'Sequence': 110th Verse, Same as the First

A rhythm game with a storyline. So, first the music. Then . . . there is the writing.


Publisher: Microsoft Game Studios
Rated: NR
Players: 1
Price: $3.00
Platforms: XBox 360
Developer: Iridium Studios
Release date: 2011-05-05

I feel a bit sorry for what I'm about to do, which is to completely tear Iridium Studios' inaugural title a new one. There is something about Sequence in all its quaint earnestness and amateur writing that almost makes it too precious to hate.

But hate it I do. I'm not sure when the exact moment was -- if it was the third time that I reached for a bottle of painkillers to get through a level's dangerously overused music or when I shut off the voice acting and stopped paying attention to the cutscenes entirely, but after that, I started to despise everything about it. The characters, the dialogue, the plot, the visual design, the audio, the disingenuous drop rates, the button calibration that I couldn't seem to finesse, the whole concept of playing a Dance Dance Revolution RPG with your thumbs and then only having a handful of tracks to play over and over and over (and over and over). The painful college sports references, made worse when I visited Iridium's website to find that, indeed, one dev went to the University of Florida and the other is in Michigan. All the cute art design and catchy tunes in the world can't redeem that level of vain self-insertion.

Taken individually, the components of Sequence seem rather interesting. It's a rhythm game with a storyline. Your protagonist wakes up in a tower rife with monsters with only the disembodied voice of a young woman for a guide, and the only way to advance is to defeat the various critters with some strange kind of button-based dance battle. It plays constantly with the fourth wall and nods slyly to some incredibly up to date internet memes that players will most likely recognize. The painterly art design of the characters and backdrops reminds me of Grim Grimoire, a grossly underappreciated and favorite Atlus RPG of mine. The battle screens seem intimidatingly busy, but the tutorial walks you through it methodically such that battles coupled with complicated multitasking become second nature. Item management is simple and elegant. Really, for production value alone, the fact that the developers are practically giving this away for 240 Microsoft Points ($3) is a crime against all the hard work that has clearly gone into it. If only the end product were even worth a dime.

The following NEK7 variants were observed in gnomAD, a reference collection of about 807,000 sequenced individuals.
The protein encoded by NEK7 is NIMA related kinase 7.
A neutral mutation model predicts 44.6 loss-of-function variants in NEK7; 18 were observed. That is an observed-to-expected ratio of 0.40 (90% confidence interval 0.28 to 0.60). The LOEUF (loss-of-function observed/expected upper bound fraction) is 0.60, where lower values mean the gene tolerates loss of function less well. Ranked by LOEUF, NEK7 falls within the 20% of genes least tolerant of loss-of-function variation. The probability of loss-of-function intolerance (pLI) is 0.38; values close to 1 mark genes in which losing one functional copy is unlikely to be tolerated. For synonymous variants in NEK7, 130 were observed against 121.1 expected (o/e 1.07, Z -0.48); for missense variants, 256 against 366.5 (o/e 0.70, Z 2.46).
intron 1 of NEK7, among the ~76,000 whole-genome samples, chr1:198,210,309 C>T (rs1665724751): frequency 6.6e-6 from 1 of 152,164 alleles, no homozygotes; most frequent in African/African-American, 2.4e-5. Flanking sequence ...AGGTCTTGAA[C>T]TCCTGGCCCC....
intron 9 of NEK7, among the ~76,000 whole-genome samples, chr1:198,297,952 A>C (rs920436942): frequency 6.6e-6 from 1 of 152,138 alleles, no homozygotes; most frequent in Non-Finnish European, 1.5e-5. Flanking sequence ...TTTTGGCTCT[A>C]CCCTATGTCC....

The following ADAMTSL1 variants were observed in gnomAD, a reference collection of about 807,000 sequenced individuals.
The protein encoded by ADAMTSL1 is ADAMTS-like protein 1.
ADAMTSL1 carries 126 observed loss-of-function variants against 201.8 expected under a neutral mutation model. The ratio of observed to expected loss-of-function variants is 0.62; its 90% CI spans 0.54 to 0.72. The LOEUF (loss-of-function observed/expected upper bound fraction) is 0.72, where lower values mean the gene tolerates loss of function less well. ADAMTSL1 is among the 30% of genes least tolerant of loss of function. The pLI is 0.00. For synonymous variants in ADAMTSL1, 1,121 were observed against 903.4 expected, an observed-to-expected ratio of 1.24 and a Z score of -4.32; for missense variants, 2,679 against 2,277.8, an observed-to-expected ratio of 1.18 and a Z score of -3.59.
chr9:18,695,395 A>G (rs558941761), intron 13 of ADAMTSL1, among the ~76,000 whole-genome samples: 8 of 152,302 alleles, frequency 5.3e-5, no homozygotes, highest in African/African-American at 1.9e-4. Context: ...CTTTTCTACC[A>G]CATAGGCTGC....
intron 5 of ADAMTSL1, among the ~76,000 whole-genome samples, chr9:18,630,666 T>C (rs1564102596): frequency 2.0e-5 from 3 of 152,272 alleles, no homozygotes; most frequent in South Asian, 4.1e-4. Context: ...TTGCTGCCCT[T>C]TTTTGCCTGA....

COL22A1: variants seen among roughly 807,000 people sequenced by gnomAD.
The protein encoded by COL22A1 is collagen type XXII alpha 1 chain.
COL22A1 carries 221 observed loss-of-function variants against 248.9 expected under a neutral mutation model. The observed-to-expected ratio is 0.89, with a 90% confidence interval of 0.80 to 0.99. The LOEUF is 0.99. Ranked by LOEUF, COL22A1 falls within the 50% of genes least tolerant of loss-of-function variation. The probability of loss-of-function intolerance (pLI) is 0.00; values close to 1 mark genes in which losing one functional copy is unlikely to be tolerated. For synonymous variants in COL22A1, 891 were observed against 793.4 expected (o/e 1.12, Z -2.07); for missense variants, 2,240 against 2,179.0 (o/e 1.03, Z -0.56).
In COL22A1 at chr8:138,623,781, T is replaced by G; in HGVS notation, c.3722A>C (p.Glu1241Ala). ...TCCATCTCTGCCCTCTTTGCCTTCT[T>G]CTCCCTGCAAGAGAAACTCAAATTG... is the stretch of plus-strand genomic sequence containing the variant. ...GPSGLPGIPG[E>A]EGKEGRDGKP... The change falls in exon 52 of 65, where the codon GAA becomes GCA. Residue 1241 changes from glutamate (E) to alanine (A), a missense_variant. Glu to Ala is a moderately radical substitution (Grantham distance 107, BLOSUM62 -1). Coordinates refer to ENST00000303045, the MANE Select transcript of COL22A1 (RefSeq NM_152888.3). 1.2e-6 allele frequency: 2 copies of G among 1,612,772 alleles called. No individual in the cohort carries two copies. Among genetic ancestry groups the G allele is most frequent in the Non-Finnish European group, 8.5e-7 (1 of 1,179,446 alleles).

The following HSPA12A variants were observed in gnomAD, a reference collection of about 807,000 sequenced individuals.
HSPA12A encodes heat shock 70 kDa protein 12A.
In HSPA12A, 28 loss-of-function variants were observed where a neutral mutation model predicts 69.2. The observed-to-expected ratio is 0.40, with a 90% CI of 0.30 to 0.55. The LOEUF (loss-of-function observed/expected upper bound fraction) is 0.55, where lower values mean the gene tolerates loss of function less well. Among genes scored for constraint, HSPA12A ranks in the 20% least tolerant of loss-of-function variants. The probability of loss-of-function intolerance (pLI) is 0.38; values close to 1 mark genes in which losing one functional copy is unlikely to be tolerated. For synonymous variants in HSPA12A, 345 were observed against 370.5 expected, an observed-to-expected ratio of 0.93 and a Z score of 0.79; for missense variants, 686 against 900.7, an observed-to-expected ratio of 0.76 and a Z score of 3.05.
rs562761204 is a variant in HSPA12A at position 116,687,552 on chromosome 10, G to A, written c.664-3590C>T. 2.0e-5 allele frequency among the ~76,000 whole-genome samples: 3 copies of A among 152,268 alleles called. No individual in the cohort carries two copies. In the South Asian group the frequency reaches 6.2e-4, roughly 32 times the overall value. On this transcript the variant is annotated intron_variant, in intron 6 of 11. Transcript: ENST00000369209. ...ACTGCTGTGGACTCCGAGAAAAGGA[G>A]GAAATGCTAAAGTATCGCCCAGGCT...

First, the music. Now grant you, there is nothing inherently bad about its track offerings, except for the fact you hear each one a nauseating number of times. There are three regular enemies per floor in a tower of seven and one boss for each, the latter usually introducing a new track which becomes an enemy standard for the next floor. Although button combinations are slightly randomized, the tracks themselves never change, and while the best DDR players I know have encoded the moves of their top ten favorites into muscle memory from playing them so much, the tracks of Sequence are more like popsynth exercise drills.